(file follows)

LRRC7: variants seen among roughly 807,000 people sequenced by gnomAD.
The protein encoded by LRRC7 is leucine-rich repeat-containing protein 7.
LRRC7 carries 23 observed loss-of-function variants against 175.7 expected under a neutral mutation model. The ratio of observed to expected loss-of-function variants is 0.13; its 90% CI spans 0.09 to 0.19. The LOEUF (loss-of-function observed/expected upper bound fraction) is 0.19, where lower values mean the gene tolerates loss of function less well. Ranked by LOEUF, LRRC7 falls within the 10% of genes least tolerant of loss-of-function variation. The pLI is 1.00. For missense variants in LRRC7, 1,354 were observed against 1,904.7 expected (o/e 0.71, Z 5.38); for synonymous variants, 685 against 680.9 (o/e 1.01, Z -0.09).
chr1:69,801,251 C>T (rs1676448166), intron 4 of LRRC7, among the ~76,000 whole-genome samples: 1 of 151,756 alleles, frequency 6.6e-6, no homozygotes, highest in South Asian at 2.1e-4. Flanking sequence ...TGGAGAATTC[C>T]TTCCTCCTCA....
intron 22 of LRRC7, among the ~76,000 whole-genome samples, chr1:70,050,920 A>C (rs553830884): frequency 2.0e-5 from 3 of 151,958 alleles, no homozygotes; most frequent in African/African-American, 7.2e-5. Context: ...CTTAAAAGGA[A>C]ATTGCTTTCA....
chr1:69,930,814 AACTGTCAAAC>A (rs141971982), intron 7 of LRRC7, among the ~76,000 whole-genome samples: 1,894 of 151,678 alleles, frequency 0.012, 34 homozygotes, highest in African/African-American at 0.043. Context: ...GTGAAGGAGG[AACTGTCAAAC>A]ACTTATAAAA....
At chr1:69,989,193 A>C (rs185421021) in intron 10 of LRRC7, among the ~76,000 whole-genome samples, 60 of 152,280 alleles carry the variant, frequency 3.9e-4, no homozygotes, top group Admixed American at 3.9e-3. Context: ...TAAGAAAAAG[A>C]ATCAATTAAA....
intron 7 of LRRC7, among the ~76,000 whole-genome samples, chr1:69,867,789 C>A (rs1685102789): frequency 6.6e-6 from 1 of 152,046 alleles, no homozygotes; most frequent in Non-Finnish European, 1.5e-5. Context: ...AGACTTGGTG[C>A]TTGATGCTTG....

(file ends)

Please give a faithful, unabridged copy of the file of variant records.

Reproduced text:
LRRC7: variants seen among roughly 807,000 people sequenced by gnomAD.
The protein encoded by LRRC7 is leucine-rich repeat-containing protein 7.
LRRC7 carries 23 observed loss-of-function variants against 175.7 expected under a neutral mutation model. The ratio of observed to expected loss-of-function variants is 0.13; its 90% CI spans 0.09 to 0.19. The LOEUF (loss-of-function observed/expected upper bound fraction) is 0.19, where lower values mean the gene tolerates loss of function less well. Ranked by LOEUF, LRRC7 falls within the 10% of genes least tolerant of loss-of-function variation. The pLI is 1.00. For missense variants in LRRC7, 1,354 were observed against 1,904.7 expected (o/e 0.71, Z 5.38); for synonymous variants, 685 against 680.9 (o/e 1.01, Z -0.09).
chr1:69,801,251 C>T (rs1676448166), intron 4 of LRRC7, among the ~76,000 whole-genome samples: 1 of 151,756 alleles, frequency 6.6e-6, no homozygotes, highest in South Asian at 2.1e-4. Flanking sequence ...TGGAGAATTC[C>T]TTCCTCCTCA....
intron 22 of LRRC7, among the ~76,000 whole-genome samples, chr1:70,050,920 A>C (rs553830884): frequency 2.0e-5 from 3 of 151,958 alleles, no homozygotes; most frequent in African/African-American, 7.2e-5. Context: ...CTTAAAAGGA[A>C]ATTGCTTTCA....
chr1:69,930,814 AACTGTCAAAC>A (rs141971982), intron 7 of LRRC7, among the ~76,000 whole-genome samples: 1,894 of 151,678 alleles, frequency 0.012, 34 homozygotes, highest in African/African-American at 0.043. Context: ...GTGAAGGAGG[AACTGTCAAAC>A]ACTTATAAAA....
At chr1:69,989,193 A>C (rs185421021) in intron 10 of LRRC7, among the ~76,000 whole-genome samples, 60 of 152,280 alleles carry the variant, frequency 3.9e-4, no homozygotes, top group Admixed American at 3.9e-3. Context: ...TAAGAAAAAG[A>C]ATCAATTAAA....
intron 7 of LRRC7, among the ~76,000 whole-genome samples, chr1:69,867,789 C>A (rs1685102789): frequency 6.6e-6 from 1 of 152,046 alleles, no homozygotes; most frequent in Non-Finnish European, 1.5e-5. Context: ...AGACTTGGTG[C>A]TTGATGCTTG....